Constitutional governments which insist on erasing effective borders will dissolve into dysfunction.
Editor’s Note – This essay was originally published in the Summer 2022 edition of the Claremont Review of Books.
The defining conflict of our era is whether the United States will remain a democratic republic or morph into a high-tech administrative oligarchy. The late Angelo M. Codevilla called this national struggle our “cold civil war.”
Leaders in the commanding heights of our political and cultural institutions openly revile the fundamental principles of the Declaration of Independence and the U.S. Constitution. They repudiate the core concepts of republican citizenship, national borders, and government by consent of the governed. If given their way, the ruling classes will abolish the sovereignty of the American people.
Claremont Institute Senior Fellow Edward J. Erler has fought tirelessly to preserve the American way of life against these corrosive forces. In the opening pages of The United States in Crisis: Citizenship, Immigration, and the Nation State, Erler explains how elites’ feverish efforts to destroy a duly elected president, Donald Trump, “revealed the extent to which American democracy had, indeed, transmogrified into an oligarchy.” He analyzes this “transmogrification” in terms of three interrelated dynamics: citizenship, immigration, and national sovereignty.
Erler, a professor of political science emeritus at California State University, San Bernardino, is America’s foremost expert on the ongoing controversy over birthright citizenship for the children of illegal immigrants. He rightly argues that the 14th Amendment’s citizenship clause must be understood in light of the founders’ belief in natural rights, the social compact, and the consent of the governed.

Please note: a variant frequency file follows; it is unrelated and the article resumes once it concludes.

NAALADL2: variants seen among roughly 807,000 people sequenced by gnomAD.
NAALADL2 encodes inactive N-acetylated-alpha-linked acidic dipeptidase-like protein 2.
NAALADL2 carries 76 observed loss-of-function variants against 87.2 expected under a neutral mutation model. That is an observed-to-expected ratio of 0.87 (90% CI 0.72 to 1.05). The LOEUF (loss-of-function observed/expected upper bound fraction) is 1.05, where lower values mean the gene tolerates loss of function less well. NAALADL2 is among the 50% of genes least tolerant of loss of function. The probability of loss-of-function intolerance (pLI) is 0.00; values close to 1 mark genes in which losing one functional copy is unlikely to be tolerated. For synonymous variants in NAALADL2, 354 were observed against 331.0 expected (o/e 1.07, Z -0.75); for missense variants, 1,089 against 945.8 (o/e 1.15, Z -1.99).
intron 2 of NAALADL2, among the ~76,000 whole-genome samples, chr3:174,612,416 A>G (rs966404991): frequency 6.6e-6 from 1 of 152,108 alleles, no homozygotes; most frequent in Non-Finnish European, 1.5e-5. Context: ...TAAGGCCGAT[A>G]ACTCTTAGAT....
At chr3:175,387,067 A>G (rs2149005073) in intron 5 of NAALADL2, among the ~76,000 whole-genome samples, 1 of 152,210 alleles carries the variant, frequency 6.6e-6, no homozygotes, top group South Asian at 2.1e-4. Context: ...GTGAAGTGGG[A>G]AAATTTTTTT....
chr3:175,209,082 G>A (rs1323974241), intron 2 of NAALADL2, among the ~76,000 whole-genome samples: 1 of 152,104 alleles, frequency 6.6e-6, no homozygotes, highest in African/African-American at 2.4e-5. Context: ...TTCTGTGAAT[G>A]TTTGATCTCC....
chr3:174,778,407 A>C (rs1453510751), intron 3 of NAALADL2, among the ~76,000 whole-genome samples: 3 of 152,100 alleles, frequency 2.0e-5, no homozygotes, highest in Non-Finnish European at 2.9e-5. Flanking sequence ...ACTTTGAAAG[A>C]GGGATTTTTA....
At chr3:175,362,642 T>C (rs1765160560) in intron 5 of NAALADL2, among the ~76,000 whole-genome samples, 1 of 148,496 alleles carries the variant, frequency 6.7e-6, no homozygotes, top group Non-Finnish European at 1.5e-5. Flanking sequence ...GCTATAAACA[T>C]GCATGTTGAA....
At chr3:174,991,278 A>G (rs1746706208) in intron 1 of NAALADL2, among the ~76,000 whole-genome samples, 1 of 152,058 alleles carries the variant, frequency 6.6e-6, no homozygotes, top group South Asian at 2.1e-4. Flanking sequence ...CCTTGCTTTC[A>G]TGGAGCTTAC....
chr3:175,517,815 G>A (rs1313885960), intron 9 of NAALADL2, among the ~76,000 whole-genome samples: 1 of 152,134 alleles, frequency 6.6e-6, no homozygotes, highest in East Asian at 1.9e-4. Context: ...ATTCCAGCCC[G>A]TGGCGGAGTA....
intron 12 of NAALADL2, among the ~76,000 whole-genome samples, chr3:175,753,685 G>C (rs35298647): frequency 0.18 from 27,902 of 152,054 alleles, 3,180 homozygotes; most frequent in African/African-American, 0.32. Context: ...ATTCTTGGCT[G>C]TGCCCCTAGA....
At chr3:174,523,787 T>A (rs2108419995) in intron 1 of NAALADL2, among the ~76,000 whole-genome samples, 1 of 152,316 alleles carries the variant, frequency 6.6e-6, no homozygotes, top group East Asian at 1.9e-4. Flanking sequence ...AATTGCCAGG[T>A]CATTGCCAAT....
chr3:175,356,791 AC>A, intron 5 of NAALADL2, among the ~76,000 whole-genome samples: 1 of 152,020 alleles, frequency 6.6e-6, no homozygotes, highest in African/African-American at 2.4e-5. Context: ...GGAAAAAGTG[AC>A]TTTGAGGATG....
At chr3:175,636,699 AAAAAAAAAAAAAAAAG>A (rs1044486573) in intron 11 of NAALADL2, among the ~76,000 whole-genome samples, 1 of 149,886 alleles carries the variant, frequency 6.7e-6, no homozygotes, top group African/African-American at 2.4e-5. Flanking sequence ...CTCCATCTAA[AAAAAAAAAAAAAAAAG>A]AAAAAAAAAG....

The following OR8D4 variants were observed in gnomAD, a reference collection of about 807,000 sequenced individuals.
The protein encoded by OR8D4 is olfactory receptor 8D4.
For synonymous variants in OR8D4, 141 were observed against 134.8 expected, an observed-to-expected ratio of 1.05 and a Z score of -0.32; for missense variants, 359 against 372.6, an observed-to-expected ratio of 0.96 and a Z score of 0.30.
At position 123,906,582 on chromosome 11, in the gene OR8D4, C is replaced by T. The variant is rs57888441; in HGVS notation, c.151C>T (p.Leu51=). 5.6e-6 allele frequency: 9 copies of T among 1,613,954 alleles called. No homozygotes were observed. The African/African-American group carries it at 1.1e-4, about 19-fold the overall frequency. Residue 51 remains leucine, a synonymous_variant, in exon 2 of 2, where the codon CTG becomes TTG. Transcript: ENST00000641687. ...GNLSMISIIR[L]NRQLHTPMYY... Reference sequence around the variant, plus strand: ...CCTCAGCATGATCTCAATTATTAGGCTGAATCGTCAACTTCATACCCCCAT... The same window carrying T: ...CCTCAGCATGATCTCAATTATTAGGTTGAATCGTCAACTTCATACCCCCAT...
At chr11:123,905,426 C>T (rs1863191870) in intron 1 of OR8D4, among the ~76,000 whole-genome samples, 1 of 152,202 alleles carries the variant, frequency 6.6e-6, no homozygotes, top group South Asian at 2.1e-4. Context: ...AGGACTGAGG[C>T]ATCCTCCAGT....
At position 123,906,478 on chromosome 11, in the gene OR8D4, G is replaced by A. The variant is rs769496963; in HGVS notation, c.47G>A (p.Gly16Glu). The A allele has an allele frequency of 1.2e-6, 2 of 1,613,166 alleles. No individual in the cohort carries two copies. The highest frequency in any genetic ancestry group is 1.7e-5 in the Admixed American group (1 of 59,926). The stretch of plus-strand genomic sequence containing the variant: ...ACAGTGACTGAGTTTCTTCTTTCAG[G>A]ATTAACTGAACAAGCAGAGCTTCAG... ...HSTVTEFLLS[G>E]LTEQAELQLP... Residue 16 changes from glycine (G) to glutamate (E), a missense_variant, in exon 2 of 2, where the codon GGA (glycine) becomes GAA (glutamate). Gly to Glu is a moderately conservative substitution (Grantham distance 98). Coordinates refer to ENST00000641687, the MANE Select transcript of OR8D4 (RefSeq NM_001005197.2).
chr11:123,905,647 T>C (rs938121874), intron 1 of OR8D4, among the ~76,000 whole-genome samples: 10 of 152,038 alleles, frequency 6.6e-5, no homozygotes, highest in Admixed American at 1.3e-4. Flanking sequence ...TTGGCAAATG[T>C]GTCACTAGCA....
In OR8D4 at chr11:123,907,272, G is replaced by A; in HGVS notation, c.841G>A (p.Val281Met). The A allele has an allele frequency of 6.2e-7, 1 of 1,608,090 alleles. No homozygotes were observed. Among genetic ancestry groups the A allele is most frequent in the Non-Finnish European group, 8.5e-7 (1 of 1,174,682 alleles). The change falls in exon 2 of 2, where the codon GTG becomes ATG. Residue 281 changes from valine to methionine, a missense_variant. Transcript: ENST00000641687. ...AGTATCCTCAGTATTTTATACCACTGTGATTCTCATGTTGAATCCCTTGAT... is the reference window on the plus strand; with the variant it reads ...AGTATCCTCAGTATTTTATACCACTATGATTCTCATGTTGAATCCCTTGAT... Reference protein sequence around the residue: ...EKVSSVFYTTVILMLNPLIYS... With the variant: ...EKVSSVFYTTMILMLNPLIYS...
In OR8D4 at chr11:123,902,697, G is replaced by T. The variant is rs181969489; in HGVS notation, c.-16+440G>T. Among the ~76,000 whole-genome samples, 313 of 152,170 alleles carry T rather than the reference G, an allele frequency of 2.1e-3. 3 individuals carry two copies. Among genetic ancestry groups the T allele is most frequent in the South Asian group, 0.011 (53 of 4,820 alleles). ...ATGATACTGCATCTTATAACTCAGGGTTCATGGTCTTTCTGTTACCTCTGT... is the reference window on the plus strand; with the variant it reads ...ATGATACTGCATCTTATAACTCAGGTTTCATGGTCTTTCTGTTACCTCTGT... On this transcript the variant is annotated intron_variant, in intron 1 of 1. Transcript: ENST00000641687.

Prior to the Declaration of Independence, the colonists were, under English common law, subjects of King George III. They owed their monarch perpetual allegiance. The great theorists of English common law, Edward Coke and William Blackstone, never spoke of this relationship in terms of “citizens” or “citizenship”—they mentioned only “subjects” and “subjectship.”
But, writes Erler, the Declaration created a new nation: its authors renounced all allegiance to the British crown and so disavowed the common law idea of “subjectship.” Unlike British subjectship, this new American citizenship was not perpetual and involuntary, but based upon consent. The American Revolution meant that the “historical rights [of Englishmen] were transformed into natural rights grounded in the law of nature.”
American citizenship was formally defined for the first time by the Reconstruction Congress in the Civil Rights Act (1866), the Expatriation Act (1868), and the citizenship clause of the 14th Amendment (1868), which overturned the Supreme Court’s 1857 decision in Dred Scott v. Sandford. These new laws made it clear that former slaves and people of African descent were citizens of the United States. Senator Jacob Howard (a major sponsor of the Reconstruction laws) declared unequivocally that American citizenship was based on “natural law and national law,” not the subjectship of the common law.